However, except for the dracools, none of his enemies could fly. With one great sweep of his wings, Bhayatupa rose high into the sky and then swooped down and landed on the shoulders of the giant, which he dwarfed like an eagle perched on a toddler. Bhayatupa chewed off the middle head. Black blood spurted like a geyser. The two remaining heads howled in agony.

A boulder the size of a wagon smote Bhayatupa in the ribs, causing him to lurch sideways and tumble off the giant’s back onto the ground. Instantly the witches, druids and Stone-Eaters swarmed upon him. Red flames spurted from the witches’ eyes and corrosive acid from the druids’ mouths, but his crimson scales were barely harmed. The Stone-Eaters vomited a scorching liquid similar to Bhayatupa’s own fire, but this also did little damage. Bhayatupa raised his head and spat again. Several monsters were incinerated.

Bhayatupa sprang into the sky again, and when he faced the sun he saw that the shadow had now halfway obscured it. He had seen this event occur many times before in his long life, but had never given it much credence until now. Still, he had no time to ponder such things.

Mala had regained consciousness and was now coordinating a counterattack.  A thousand of the bravest golden soldiers loosed arrows at Bhayatupa’s eyes, and the trolls continued to hurl rocks and other debris. Whenever Bhayatupa landed, the wolves snapped at his talons. The numbers massed against him were formidable. None among the creatures—Mala included—dared to stand against him alone, but not even Mahaasupanna could defeat an army of this caliber himself. The assaults weakened him and diminished his rage. For the first time in his life, he was forced to retreat.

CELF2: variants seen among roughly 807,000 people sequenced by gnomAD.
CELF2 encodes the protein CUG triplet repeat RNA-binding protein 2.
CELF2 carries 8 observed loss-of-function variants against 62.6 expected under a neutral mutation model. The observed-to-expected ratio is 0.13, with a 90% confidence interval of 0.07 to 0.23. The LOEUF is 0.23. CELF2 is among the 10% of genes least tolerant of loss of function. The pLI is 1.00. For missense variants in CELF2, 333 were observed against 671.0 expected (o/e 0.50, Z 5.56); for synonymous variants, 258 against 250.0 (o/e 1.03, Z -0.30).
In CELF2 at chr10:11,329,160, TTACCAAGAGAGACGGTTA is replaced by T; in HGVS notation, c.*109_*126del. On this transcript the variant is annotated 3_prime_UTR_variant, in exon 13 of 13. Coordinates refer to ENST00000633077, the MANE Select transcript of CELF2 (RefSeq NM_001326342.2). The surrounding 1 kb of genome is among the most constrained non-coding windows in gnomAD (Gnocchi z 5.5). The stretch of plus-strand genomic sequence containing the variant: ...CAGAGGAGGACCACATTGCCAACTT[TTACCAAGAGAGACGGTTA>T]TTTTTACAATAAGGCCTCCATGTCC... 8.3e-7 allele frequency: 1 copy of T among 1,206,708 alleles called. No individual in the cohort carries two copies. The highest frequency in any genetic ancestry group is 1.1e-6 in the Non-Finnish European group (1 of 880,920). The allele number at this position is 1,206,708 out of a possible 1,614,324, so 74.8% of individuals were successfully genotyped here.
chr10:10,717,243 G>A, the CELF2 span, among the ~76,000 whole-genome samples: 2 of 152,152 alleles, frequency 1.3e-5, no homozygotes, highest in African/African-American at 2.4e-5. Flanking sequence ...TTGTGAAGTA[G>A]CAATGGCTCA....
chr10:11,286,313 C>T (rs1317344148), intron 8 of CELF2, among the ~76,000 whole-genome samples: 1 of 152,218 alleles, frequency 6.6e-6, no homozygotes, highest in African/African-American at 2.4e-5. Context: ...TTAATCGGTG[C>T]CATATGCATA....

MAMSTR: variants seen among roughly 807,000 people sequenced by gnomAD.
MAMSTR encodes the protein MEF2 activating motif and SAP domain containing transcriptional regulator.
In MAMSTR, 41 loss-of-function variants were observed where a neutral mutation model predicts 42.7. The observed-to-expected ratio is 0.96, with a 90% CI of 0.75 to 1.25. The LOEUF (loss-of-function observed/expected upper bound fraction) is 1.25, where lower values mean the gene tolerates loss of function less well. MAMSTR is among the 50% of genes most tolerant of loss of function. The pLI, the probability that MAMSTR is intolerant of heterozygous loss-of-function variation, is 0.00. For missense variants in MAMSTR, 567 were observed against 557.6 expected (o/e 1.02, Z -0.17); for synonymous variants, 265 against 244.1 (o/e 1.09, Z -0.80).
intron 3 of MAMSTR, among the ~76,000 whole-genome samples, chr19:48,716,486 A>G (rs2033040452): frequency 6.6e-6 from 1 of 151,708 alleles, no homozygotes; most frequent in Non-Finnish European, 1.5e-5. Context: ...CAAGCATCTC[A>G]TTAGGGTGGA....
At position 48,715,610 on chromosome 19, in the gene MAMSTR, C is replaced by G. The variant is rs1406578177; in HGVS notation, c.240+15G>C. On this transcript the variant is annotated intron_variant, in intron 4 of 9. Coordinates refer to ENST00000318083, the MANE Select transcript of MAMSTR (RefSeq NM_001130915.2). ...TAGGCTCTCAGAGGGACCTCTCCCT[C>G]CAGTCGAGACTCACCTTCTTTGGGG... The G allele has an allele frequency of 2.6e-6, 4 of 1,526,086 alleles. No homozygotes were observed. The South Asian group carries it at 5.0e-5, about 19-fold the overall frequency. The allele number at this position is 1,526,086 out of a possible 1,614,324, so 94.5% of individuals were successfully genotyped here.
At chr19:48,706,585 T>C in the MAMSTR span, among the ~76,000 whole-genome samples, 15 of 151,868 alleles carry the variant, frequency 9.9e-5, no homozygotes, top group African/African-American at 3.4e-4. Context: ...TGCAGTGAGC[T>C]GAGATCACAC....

As the peculiar darkness deepened, Bhayatupa soared westward as fast as the wind. Dracools pursued him, but this time an army on the ground did not back them up. Bhayatupa was not yet so weak that he couldn’t deal with baby dragons, no matter how many dared accost him. After he had flown safely away from Avici, he suddenly turned and attacked. He was faster, stronger and far more deadly. The dracools fought bravely, but when the thirtieth fell, the others recognized the futility of their efforts and gave up the chase. Bhayatupa  snarled one last time and then sped away, a crimson comet in the blue-again sky.

About The Author

Jim Melvin

Jim Melvin was an
award-winning journalist at
the St. Petersburg Times for
twenty-five years. As a reporter,
he specialized in science,
nature, health and fitness,
and he wrote about
everything from childhood
drowning to erupting volcanoes.
Jim is a student of
Eastern philosophy and
mindfulness meditation,
both of which he weaves
extensively into his work.
Jim is the author of
The Death Wizard Chronicles,
a six-book epic fantasy
for mature audiences.

About my Publisher

The Death Wizard Chronicles
is published
by Bell Bridge Books,
an imprint of BelleBooks, Inc.
Bell Bridge Books is known for
nurturing emerging
fiction voices
as well as being the
“second home”
for many established authors,
who continue to publish
with major publishing